Medical database agreement to enhance ACG risk adjustment system

Researchers at the Johns Hopkins Bloomberg School of Public Health have signed a multi-year agreement with PharMetrics, Inc., of Watertown, Mass., to acquire data from the company's proprietary Anonymous Patient-Centric Database. The database, which includes health care information from over 50 million Americans, is the largest and most complete of its kind. The information will help researchers enhance the Adjusted Clinical Groups Case-Mix System (ACG System), which allows health care providers, insurers and health maintenance organizations to manage funds more efficiently and effectively.

Developed by the Johns Hopkins Bloomberg School Public Health, the ACG System is a computer-based program that assesses the health of people enrolled in a given health plan. The plans, in turn, use the ACG System to help predict the need for their future health care services. Adjusted Clinical Groups (ACGs) are a series of mutually exclusive, health-status categories that are defined by morbidity, age and gender. They are based on the premise that the level of resources necessary for delivering appropriate health care to a population is correlated to the illness burden of that population. ACGs are used to assess provider performance, identify future high-cost cases and develop innovative plan payment and financial risk-sharing arrangements by more than 175 healthcare organizations worldwide. "With our ability to access PharMetrics' anonymous patient-centric data, we are able to make a more significant contribution toward improving the quality, as well as efficiency, of care being delivered by payors that depend on our ACG System across the country. The PharMetrics Database is the ideal resource for our ACG research and development efforts, not only because of the robustness of its data, but also because of its exemplary data quality assurance process," said David Bodycombe, ScD, an ACG System team leader and scientist at the Bloomberg School of Public Health.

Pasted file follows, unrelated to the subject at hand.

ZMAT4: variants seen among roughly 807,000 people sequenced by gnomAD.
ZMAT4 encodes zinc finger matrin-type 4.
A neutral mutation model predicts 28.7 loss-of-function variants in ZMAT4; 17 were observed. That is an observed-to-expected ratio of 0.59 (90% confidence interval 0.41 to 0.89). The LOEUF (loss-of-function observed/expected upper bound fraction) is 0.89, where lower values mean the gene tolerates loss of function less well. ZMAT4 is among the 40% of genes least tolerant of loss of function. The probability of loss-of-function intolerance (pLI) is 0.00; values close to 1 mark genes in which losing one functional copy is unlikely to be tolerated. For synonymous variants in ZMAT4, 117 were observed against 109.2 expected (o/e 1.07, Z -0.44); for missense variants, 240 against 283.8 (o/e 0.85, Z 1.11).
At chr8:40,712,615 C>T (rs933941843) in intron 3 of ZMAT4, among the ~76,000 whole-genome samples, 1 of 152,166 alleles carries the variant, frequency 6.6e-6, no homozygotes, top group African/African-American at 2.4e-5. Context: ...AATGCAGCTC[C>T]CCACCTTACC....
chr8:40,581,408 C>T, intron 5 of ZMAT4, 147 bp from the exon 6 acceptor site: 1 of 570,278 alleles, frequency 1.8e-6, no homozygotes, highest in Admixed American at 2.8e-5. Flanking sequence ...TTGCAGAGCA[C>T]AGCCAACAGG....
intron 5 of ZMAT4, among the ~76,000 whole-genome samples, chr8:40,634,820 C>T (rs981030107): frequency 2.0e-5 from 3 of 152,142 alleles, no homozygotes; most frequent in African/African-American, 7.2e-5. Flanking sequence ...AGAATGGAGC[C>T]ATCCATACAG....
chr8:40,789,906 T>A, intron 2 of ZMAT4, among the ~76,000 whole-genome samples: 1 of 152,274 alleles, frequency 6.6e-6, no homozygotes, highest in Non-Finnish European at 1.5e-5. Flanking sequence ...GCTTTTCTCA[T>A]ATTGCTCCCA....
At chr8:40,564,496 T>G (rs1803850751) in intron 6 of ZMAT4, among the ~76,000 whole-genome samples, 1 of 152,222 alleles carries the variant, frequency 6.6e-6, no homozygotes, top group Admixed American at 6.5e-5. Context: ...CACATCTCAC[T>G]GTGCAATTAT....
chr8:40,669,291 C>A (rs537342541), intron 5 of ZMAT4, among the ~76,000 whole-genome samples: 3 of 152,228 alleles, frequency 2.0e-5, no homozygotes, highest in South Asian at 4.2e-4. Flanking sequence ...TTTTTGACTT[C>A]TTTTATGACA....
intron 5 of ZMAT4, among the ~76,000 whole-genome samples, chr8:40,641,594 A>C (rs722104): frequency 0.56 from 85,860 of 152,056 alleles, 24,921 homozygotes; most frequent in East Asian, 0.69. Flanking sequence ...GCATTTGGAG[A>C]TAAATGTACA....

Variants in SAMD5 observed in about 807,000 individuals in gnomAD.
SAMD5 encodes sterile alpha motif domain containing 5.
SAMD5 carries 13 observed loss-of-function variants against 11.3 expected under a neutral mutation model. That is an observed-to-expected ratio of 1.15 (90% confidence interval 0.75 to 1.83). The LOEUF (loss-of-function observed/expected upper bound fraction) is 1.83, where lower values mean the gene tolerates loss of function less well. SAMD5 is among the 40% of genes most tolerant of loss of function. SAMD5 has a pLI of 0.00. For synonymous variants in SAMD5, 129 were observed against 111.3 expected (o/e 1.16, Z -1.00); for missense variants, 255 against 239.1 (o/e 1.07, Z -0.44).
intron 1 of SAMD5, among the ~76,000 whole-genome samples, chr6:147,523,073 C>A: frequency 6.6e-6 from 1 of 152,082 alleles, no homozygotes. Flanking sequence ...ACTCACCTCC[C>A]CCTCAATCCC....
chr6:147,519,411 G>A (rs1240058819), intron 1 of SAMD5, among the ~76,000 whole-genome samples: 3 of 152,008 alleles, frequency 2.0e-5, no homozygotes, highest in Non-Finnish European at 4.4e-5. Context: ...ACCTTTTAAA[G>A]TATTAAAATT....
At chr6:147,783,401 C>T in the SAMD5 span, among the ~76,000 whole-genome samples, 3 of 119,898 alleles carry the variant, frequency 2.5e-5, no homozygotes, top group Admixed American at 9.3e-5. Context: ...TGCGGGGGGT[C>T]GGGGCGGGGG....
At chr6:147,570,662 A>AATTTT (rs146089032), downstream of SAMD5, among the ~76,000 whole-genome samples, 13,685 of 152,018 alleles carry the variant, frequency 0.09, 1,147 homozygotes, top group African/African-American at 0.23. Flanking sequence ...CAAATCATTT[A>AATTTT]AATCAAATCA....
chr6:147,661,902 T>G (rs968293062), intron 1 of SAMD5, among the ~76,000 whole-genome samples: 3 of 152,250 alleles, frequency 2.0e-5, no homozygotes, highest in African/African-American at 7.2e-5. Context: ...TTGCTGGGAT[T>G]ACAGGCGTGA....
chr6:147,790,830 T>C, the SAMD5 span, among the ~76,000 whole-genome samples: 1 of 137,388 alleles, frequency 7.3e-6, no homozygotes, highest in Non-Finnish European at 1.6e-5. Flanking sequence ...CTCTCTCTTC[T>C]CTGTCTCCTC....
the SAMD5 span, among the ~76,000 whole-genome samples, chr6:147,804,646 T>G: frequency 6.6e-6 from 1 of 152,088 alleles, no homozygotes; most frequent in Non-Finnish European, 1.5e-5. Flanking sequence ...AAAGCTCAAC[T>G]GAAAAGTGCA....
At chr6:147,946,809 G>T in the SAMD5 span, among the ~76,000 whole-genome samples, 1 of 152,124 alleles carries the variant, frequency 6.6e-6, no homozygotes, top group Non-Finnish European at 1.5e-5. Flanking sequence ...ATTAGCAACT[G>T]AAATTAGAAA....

Contact: Tim Parsons
Johns Hopkins University Bloomberg School of Public Health

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